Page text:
Welders, cutters, solderers, and brazers use hand-held or remotely controlled equipment to join or cut metal parts, or to smooth surfaces. These workers study sketches and specifications to understand the full picture of the structure and materials before they start their work. Welders’ and cutters’ tools use high heat to soften the material. Welders use these tools to join metal in a wide variety of industries, from car racing and manufacturing to steel beam construction. Cutters cut and trim metal objects, or dismantle large objects such as ships and railroad cars. Work may be outdoors on a scaffold or high platform, or indoors in confined areas. Bending, stooping, and heavy lifting are common. Soldering and brazing workers use molten metal to join two pieces of metal. Soldering involves precision tasks such as forming joins in electronic circuit boards, while brazing uses metals at higher temperatures to —for example—apply coatings to parts for protection against wear and corrosion. Other workers in this field manage machines or robots that perform welding, brazing, soldering, or heat treating tasks. These workers may also operate laser cutters or laser-beam machines. Hazards include very hot materials and the intense light created by the arc. While employers are required to provide safely ventilated areas, these workers typically wear safety equipment to prevent injuries. Most positions are full time; evenings, weekends and overtime hours are common. High school education, along with technical and on-the-job training is typically required to enter these fields. A certification or other skill credential is attractive to employers.
What they do:
Braze or solder together components to assemble fabricated metal parts, using soldering iron, torch, or welding machine and flux.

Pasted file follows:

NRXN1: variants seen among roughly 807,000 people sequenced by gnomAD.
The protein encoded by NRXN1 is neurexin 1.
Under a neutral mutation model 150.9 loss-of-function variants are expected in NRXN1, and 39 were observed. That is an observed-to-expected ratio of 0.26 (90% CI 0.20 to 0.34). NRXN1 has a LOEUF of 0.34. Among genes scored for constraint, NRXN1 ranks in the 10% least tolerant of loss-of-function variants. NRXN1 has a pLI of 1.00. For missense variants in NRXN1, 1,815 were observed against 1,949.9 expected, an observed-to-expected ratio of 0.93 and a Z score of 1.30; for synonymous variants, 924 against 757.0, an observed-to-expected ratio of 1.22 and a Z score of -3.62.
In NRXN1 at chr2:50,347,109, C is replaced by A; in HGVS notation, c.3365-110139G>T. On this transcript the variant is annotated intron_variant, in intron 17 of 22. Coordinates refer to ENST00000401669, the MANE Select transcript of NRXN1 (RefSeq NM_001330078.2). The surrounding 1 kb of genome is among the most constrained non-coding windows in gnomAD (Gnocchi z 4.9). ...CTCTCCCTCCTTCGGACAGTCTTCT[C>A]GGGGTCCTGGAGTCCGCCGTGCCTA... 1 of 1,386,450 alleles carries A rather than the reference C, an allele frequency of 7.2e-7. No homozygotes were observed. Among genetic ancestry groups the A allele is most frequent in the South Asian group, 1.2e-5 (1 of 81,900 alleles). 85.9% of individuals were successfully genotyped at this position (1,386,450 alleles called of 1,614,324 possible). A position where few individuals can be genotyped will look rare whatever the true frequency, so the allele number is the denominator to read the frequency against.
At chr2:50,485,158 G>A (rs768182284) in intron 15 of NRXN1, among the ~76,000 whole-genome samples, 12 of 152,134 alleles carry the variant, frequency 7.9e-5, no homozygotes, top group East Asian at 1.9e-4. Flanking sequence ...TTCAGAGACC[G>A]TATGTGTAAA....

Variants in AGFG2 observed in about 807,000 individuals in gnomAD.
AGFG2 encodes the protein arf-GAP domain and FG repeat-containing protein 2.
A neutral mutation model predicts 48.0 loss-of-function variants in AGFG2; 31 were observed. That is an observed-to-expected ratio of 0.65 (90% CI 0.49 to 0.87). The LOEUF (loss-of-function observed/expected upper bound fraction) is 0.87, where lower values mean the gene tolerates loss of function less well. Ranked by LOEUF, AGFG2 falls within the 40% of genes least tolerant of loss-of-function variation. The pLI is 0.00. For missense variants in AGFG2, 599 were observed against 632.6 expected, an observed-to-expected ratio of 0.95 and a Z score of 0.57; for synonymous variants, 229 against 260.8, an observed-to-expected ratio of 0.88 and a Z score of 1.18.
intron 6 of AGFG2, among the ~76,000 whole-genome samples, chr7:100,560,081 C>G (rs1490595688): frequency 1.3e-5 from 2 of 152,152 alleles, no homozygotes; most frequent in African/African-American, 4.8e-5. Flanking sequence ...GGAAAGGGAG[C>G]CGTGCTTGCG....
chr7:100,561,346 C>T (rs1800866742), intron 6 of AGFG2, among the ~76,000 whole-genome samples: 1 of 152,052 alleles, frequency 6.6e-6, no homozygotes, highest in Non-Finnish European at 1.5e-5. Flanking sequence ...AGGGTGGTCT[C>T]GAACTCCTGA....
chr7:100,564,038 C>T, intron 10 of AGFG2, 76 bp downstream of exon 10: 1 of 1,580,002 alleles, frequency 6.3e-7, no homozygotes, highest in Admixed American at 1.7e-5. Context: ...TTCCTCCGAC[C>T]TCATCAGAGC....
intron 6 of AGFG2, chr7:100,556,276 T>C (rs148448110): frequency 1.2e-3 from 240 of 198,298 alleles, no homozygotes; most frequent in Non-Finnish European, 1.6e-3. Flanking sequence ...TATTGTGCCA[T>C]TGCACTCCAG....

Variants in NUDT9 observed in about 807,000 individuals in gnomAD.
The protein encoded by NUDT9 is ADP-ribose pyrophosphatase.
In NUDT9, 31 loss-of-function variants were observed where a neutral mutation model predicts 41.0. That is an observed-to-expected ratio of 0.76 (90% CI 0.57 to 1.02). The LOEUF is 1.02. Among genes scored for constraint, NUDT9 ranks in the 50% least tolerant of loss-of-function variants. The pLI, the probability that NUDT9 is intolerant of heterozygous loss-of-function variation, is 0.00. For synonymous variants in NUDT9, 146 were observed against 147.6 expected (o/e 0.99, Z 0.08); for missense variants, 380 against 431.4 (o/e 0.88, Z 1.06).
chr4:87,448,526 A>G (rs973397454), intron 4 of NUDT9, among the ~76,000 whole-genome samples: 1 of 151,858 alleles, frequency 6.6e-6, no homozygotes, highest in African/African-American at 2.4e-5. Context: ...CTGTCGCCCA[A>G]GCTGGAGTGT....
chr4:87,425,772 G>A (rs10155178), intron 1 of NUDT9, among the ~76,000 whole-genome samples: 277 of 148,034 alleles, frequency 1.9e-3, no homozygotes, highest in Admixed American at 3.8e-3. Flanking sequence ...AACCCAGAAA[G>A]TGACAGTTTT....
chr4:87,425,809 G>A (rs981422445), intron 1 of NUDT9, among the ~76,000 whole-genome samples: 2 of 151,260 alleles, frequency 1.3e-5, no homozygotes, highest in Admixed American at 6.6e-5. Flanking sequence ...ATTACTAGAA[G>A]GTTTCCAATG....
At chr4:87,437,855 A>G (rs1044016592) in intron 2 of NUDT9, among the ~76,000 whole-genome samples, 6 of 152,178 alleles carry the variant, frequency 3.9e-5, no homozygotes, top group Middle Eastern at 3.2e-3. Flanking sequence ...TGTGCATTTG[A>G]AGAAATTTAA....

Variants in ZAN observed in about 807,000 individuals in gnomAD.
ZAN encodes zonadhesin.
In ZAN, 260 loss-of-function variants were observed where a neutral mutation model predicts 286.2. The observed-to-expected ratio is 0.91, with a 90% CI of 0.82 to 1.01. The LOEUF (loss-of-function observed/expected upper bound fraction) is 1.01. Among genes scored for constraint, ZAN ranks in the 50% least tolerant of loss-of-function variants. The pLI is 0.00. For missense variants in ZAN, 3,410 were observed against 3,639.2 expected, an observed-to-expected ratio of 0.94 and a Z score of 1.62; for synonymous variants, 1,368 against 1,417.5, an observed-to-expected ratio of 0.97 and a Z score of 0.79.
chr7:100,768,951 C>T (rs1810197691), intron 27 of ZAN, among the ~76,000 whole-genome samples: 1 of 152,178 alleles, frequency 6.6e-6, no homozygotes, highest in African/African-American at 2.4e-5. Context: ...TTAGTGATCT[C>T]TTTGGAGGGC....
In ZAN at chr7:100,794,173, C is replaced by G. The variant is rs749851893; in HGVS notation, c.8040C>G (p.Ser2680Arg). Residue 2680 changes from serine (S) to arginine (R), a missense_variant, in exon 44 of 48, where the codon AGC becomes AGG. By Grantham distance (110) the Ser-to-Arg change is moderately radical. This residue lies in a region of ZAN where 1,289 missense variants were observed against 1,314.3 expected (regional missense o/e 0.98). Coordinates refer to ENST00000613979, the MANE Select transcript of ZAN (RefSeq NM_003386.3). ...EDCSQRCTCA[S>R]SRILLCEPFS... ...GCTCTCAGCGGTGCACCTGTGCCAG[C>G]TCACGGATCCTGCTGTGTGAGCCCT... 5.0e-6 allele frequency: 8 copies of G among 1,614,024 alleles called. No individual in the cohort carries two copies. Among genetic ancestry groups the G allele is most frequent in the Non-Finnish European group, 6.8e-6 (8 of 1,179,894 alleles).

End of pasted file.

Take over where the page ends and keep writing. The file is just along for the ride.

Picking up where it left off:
On the job, you would:
Examine seams for defects and rework defective joints or broken parts.
Align and clamp workpieces together, using rules, squares, or hand tools, or position items in fixtures, jigs, or vises.
Melt and apply solder along adjoining edges of workpieces to solder joints, using soldering irons, gas torches, or electric-ultrasonic equipment.
Manufactured or Agricultural Goods
manufacture and distribution of products
Math and Science
arithmetic, algebra, geometry, calculus, or statistics
keeping track of how well people and/or groups are doing in order to make improvements
noticing a problem and figuring out the best way to solve it
Hand and Finger Use
put together small parts with your fingers
hold or move items with your hands
quickly change the controls of a machine, car, truck or boat
People interested in this work like activities that include practical, hands-on problems and solutions.
They do well at jobs that need:
Attention to Detail
Concern for Others
You might use software like this on the job:
Analytical or scientific software
Fred's Tip Cartridge Picker
Electronic mail software
Operating system software
high school diploma/GED or no high school diploma/GED usually needed